detailed anatomical image taken of his or her brain as well as 10
minutes of recording brain activity while lying quietly inside an
MRI scanner. Doing this allowed the researchers to identify each
person’s network of brain structures that are involved in memory
and well connected to the hippocampus. The structures are slightly
different in each person and may vary in location by as much as a
“To properly target the stimulation, we had to identify the
structures in each person’s brain space because everyone’s brain is
different,” Voss said.
Each participant then underwent a memory test, consisting of a set
of arbitrary associations between faces and words that they were
asked to learn and remember. After establishing their baseline
ability to perform on this memory task, participants received brain
stimulation 20 minutes a day for five consecutive days.
During the week they also received additional MRI scans and tests
of their ability to remember new sets of arbitrary word and face
parings to see how their memory changed as a result of the
stimulation. Then, at least 24 hours after the final stimulation,
they were tested again.
At least one week later, the same experiment was repeated but with
a fake placebo stimulation. The order of real stimulation and
placebo portions of the study was reversed for half of the
participants, and they weren’t told which was which.
Both groups performed better on memory tests as a result of the
brain stimulation. It took three days of stimulation before they
“They remembered more face-word pairings after the stimulation than
before, which means their learning ability improved,” Voss said.
“That didn’t happen for the placebo condition or in another control
experiment with additional subjects.”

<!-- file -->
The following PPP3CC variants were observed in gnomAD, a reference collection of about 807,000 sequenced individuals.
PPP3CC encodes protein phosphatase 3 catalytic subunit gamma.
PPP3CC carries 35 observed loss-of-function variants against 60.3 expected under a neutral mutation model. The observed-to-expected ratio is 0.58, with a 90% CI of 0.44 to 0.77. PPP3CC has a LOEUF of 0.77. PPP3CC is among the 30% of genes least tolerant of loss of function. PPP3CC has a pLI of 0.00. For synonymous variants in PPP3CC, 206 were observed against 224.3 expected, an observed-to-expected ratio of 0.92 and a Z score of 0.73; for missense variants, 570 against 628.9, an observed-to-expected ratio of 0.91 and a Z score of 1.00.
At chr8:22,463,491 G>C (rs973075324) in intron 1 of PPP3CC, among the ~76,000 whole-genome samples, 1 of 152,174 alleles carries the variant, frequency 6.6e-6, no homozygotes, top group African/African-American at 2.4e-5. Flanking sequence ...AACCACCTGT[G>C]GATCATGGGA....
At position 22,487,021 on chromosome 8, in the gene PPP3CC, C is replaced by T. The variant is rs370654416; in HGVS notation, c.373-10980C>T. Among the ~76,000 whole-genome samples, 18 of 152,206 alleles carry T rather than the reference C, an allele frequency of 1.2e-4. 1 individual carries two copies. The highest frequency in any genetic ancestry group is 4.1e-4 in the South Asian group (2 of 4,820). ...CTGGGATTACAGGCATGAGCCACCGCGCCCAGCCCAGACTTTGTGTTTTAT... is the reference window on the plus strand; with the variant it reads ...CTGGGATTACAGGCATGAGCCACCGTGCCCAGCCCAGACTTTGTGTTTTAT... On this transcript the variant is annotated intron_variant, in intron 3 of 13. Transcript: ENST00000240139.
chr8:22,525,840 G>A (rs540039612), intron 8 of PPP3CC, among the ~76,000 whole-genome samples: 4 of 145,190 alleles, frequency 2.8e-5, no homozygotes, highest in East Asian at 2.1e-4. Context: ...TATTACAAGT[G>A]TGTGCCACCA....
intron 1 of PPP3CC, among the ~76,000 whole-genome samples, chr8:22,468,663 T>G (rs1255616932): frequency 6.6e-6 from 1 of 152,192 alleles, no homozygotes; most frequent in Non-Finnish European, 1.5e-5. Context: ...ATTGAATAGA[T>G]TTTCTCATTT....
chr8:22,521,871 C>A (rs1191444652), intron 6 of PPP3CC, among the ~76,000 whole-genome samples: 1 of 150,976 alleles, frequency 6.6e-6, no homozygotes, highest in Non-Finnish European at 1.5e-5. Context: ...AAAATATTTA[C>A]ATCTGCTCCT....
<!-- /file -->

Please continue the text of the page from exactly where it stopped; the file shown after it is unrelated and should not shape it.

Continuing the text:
In addition, the MRI showed the stimulation caused the brain
regions to become more synchronized with each other and the
hippocampus. The greater the improvement in the synchronicity or
connectivity between specific parts of the network, the better the
performance on the memory test. “The more certain brain regions
worked together because of the stimulation, the more people were
able to learn face-word pairings, ” Voss said.
Using TMS to stimulate memory has multiple advantages, noted first
author Jane Wang, a postdoctoral fellow in Voss’s lab at Feinberg.
“No medication could be as specific as TMS for these memory
networks,” Wang said. “There are a lot of different targets and
it’s not easy to come up with any one receptor that’s involved in
“This opens up a whole new area for treatment studies where we will
try to see if we can improve function in people who really need
it,” Voss said.
His current study was with people who had normal memory, in whom he
wouldn’t expect to see a big improvement because their brains are
already working effectively.
“But for a person with brain damage or a memory disorder, those
networks are disrupted so even a small change could translate into
gains in their function,” Voss said.
In an upcoming trial, Voss will study the electrical stimulation’s
effect on people with early-stage memory loss.
Voss cautioned that years of research are needed to determine
whether this approach is safe or effective for patients with
Alzheimer’s disease or similar disorders of memory.
The above story is based on materials provided by Northwestern
University. Note: Materials may be edited for content and length.
1.J. X. Wang, L. M. Rogers, E. Z. Gross, A. J. Ryals, M. E. Dokucu,
K. L. Brandstatt, M. S. Hermiller, J. L. Voss. Targeted enhancement
of cortical-hippocampal brain networks and associative memory.
Science, 2014; 345 (6200): 1054 DOI: 10.1126/science.1252900
Cite This Page:
Northwestern University. “Electric current to brain boosts memory:
May help treat memory disorders from stroke, Alzheimer’s, brain
injury.” ScienceDaily. ScienceDaily, 28 August 2014.